How to grow bulbs
credit: marc falardeau
One of the busiest seasons for planting bulbs is about to begin and for the secrets of a brilliant display, who better to ask than Chris Ireland-Jones, owner of Avon Bulbs, who has notched up an impressive 25 gold medals at the RHS Chelsea Flower Show.
Bulbs are perfect for small gardens: they are often small, they can be squeezed into tight spaces and, although they don’t individually flower for very long, the season they collectively cover can be extensive and includes times when little else is flowering, such as the autumn and early spring. They are not very expensive and the choice is vast.
Choose bulbs that suit your light levels. Roof terraces and balconies may be sun traps, or they could be very shady due to the surrounding architecture. Small gardens could be hemmed in by tall walls or hedges.
If yours is a shady garden (and remember that many bulbs are going to be in leaf early in the year when the sun is low in the sky) choose bulbs that will cope. These include: blue-flowered Anemone blanda, Brimeura, Scilla bifolia, Erythronium and some Ornithogalum (Star of Bethlehem). Unsuitable bulbs grown in too much shade will grow tall and flop over.
For sunny spaces and places where shrubs will not yet have leafed up, there are many more possibilities. Good options include: Anemone blanda ‘White Splendour’, Muscari (grape hyacinths), most Scilla, dwarf species Tulips, most of the Greigii Tulips, Ipheion, shorter daffodils such as ‘Topolino’, ‘Jack Snipe’ and ‘February Gold’ and Triteleia.
Choose big bulbs as they will provide more flowers. Species tulips such as Tulipa tarda, for example, are generally sold at 6-7cm or at 7-8cm (a measure of circumference). The former will produce three or four flowers; the latter, for a small increase in cost, will produce double the amount. So a ‘bargain’ may not be quite what it seems.
Caring for bulbs
Bulbs tend not to need very much feeding: while they are in leaf, they store up starches to make it through the next period of dormancy and many come from parts of the world where the soils are not hugely fertile. Drainage is more important. If your garden soil is really heavy and compacted, dig it over to add air spaces; add humus if possible, which will tend to keep those spaces more open and then, under the bulbs that are being planted, put a cushion of coarse gravel about 1-2 cm thick – this should help to keep the area around the bulbs drier. In containers, we would always encourage folk to use composts that are soil-based and free-draining. The John Innes composts should fit the bill, although you may need to add some slow-release fertiliser in the second and third years as the nutrients become depleted.
Free-draining soils also freeze less readily. This is important because the little bulbs (and their roots) are squeezed and mangled by the freeze-thaw process and, when they are able to grow again, they may well have lost their anchorage and feeding mechanisms. In extremes of weather, do try to protect exposed pots.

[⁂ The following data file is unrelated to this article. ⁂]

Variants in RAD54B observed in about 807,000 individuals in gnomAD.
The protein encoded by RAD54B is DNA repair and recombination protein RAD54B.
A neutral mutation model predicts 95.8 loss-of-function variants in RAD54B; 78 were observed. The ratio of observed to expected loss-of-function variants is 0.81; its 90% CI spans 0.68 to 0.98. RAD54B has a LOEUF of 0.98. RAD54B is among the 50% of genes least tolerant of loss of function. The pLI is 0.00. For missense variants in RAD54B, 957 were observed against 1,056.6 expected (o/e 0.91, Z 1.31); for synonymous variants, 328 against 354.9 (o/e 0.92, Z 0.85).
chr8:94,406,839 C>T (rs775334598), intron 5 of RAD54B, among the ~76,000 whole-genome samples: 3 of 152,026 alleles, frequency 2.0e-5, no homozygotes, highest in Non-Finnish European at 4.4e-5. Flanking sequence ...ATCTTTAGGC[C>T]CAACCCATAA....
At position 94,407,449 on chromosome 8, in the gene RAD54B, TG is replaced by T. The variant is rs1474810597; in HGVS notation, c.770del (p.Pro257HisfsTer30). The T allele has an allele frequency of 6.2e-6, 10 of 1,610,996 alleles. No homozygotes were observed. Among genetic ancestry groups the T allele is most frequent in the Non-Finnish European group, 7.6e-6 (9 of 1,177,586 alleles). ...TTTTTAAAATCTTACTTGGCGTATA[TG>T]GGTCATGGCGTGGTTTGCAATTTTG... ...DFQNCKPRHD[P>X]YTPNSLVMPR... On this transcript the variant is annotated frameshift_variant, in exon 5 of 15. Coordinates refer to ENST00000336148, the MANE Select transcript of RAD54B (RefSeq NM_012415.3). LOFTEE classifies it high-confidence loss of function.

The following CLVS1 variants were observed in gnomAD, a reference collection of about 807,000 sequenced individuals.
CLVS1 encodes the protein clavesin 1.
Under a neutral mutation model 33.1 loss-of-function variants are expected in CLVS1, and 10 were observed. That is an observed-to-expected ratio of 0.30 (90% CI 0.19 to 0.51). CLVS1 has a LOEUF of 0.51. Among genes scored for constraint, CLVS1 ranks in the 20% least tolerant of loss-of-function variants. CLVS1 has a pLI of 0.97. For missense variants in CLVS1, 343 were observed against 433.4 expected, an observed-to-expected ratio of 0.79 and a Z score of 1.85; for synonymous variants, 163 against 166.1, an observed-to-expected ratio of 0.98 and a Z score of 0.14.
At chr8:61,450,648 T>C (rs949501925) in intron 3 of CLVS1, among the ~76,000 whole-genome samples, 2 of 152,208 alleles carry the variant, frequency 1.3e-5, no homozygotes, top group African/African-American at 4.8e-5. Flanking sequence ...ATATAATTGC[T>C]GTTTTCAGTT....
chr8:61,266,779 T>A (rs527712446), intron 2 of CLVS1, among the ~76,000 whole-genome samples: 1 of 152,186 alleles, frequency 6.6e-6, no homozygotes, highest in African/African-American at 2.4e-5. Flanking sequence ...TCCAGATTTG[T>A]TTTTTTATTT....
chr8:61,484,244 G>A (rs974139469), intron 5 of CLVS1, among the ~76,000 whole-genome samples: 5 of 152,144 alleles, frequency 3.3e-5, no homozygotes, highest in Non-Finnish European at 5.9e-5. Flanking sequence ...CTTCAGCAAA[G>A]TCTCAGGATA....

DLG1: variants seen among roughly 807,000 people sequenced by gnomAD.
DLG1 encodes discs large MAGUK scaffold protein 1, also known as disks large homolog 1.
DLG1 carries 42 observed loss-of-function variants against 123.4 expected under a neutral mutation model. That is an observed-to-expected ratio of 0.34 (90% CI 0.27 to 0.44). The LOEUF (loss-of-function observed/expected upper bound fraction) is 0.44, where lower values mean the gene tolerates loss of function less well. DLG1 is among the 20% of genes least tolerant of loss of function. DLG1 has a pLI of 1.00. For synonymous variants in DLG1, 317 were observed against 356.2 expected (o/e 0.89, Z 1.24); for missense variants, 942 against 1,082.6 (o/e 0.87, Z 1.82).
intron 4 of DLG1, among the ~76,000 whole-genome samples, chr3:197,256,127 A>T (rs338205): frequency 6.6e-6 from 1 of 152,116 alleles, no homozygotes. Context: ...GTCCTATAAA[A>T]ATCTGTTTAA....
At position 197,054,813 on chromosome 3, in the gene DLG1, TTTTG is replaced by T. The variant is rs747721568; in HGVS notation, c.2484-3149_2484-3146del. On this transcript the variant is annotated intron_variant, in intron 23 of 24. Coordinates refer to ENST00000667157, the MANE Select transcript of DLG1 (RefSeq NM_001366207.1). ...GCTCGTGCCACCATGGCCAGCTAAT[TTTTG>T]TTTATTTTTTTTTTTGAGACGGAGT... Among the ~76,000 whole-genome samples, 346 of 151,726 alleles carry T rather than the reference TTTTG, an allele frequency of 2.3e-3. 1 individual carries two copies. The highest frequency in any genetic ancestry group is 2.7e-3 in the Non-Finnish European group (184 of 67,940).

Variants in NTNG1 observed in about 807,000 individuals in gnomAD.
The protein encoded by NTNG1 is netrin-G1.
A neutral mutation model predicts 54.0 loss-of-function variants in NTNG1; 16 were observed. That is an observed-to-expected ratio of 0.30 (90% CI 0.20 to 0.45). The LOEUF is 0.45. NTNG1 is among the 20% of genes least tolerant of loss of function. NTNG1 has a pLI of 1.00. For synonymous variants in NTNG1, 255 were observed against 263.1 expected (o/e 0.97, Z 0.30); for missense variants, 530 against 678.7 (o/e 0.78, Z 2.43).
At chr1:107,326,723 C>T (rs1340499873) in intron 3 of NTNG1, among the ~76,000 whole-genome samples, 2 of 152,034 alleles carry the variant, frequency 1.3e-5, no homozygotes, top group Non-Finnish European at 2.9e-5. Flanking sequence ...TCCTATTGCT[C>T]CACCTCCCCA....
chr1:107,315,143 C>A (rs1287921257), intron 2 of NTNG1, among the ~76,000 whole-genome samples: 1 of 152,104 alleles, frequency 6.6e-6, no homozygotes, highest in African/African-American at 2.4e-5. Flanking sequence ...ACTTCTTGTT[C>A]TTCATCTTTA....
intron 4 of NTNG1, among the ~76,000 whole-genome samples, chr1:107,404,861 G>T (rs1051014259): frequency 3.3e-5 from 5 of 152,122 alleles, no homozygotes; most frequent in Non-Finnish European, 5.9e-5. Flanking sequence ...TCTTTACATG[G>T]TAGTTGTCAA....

Most bulbs start early into growth (using that starch stored in the bulb to get going) but once they have flowered they also disappear again quite quickly. So once you’ve enjoyed the display, remember that, for a bulb, the period between flowering and going dormant again is critical – how it fares in this phase will affect how well it will flower next time around. The longer it is in leaf and the better its ability to photosynthesise, the more ‘weight’ it will put on and the better the flowers. So don’t cut off ‘untidy’ foliage and resist tying up the leaves on the daffodils: give them time instead. Most bulbs don’t need feeding if the soils are reasonable: if they are not flowering as well, it is more likely that they have become overcrowded or overshaded.
The dormant period
All bulbs have a period of dormancy, when they are at rest, and most of them prefer to spend this in dry soil, so you need to put them in places that meet this requirement. Plant the summer-dormant bulbs (daffodils, tulips, crocuses, muscari etc) under a deciduous bush or tree that will keep the soil dry under its canopy or in a container that can be positioned so it doesn’t get too wet in the summer.
There is a trick that is well worth passing on to those who have bulbs in pots. Once the foliage has begun to die away from daffodils, tulips and other spring bulbs, you can turn the containers on their sides and face them away from the prevailing rain. The soil will slowly dry out and the pots warm up in the sun, and the bulbs in the soil will ‘ripen’ and form a skin. In the autumn, you can turn the pots the right way up, scrape the top of the soil away and replace it with some new compost and let the bulbs grow away again. Given decent soil and a reasonably sunny position, your containers should then do several seasons.